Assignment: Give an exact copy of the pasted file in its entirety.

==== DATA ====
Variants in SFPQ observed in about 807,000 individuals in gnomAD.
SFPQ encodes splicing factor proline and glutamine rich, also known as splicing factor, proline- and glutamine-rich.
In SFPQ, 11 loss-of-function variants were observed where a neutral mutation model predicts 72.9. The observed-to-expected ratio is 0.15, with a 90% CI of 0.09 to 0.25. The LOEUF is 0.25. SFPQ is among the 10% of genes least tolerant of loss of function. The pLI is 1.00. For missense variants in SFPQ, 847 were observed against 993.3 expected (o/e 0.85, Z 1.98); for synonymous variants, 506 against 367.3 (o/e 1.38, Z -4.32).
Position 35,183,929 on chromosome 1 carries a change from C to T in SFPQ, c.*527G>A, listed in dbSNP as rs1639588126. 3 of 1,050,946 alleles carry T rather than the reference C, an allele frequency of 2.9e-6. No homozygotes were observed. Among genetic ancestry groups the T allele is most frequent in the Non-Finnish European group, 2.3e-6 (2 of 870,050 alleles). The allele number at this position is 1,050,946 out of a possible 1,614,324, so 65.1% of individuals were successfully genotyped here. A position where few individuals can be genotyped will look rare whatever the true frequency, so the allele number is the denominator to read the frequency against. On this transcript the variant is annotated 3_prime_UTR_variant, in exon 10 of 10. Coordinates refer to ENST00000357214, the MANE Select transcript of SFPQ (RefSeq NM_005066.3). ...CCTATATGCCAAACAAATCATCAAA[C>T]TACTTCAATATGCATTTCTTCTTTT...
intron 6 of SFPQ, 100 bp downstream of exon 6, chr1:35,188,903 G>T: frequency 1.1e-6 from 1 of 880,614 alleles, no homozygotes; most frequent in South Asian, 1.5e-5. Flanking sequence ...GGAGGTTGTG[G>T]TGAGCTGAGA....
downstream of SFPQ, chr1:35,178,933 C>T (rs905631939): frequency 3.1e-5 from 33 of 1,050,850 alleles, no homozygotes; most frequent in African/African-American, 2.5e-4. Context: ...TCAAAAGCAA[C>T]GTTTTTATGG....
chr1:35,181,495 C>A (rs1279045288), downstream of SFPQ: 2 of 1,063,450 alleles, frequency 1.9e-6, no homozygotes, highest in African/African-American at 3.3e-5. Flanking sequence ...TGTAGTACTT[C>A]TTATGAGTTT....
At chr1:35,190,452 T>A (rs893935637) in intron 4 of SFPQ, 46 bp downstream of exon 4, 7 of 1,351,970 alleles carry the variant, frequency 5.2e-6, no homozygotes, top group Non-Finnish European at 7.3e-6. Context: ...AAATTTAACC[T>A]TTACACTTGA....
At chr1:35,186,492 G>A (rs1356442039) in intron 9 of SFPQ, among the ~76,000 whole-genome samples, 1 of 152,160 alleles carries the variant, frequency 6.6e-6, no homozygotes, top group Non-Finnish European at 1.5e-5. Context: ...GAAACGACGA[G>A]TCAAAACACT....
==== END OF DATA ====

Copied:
Variants in SFPQ observed in about 807,000 individuals in gnomAD.
SFPQ encodes splicing factor proline and glutamine rich, also known as splicing factor, proline- and glutamine-rich.
In SFPQ, 11 loss-of-function variants were observed where a neutral mutation model predicts 72.9. The observed-to-expected ratio is 0.15, with a 90% CI of 0.09 to 0.25. The LOEUF is 0.25. SFPQ is among the 10% of genes least tolerant of loss of function. The pLI is 1.00. For missense variants in SFPQ, 847 were observed against 993.3 expected (o/e 0.85, Z 1.98); for synonymous variants, 506 against 367.3 (o/e 1.38, Z -4.32).
Position 35,183,929 on chromosome 1 carries a change from C to T in SFPQ, c.*527G>A, listed in dbSNP as rs1639588126. 3 of 1,050,946 alleles carry T rather than the reference C, an allele frequency of 2.9e-6. No homozygotes were observed. Among genetic ancestry groups the T allele is most frequent in the Non-Finnish European group, 2.3e-6 (2 of 870,050 alleles). The allele number at this position is 1,050,946 out of a possible 1,614,324, so 65.1% of individuals were successfully genotyped here. A position where few individuals can be genotyped will look rare whatever the true frequency, so the allele number is the denominator to read the frequency against. On this transcript the variant is annotated 3_prime_UTR_variant, in exon 10 of 10. Coordinates refer to ENST00000357214, the MANE Select transcript of SFPQ (RefSeq NM_005066.3). ...CCTATATGCCAAACAAATCATCAAA[C>T]TACTTCAATATGCATTTCTTCTTTT...
intron 6 of SFPQ, 100 bp downstream of exon 6, chr1:35,188,903 G>T: frequency 1.1e-6 from 1 of 880,614 alleles, no homozygotes; most frequent in South Asian, 1.5e-5. Flanking sequence ...GGAGGTTGTG[G>T]TGAGCTGAGA....
downstream of SFPQ, chr1:35,178,933 C>T (rs905631939): frequency 3.1e-5 from 33 of 1,050,850 alleles, no homozygotes; most frequent in African/African-American, 2.5e-4. Context: ...TCAAAAGCAA[C>T]GTTTTTATGG....
chr1:35,181,495 C>A (rs1279045288), downstream of SFPQ: 2 of 1,063,450 alleles, frequency 1.9e-6, no homozygotes, highest in African/African-American at 3.3e-5. Flanking sequence ...TGTAGTACTT[C>A]TTATGAGTTT....
At chr1:35,190,452 T>A (rs893935637) in intron 4 of SFPQ, 46 bp downstream of exon 4, 7 of 1,351,970 alleles carry the variant, frequency 5.2e-6, no homozygotes, top group Non-Finnish European at 7.3e-6. Context: ...AAATTTAACC[T>A]TTACACTTGA....
At chr1:35,186,492 G>A (rs1356442039) in intron 9 of SFPQ, among the ~76,000 whole-genome samples, 1 of 152,160 alleles carries the variant, frequency 6.6e-6, no homozygotes, top group Non-Finnish European at 1.5e-5. Context: ...GAAACGACGA[G>A]TCAAAACACT....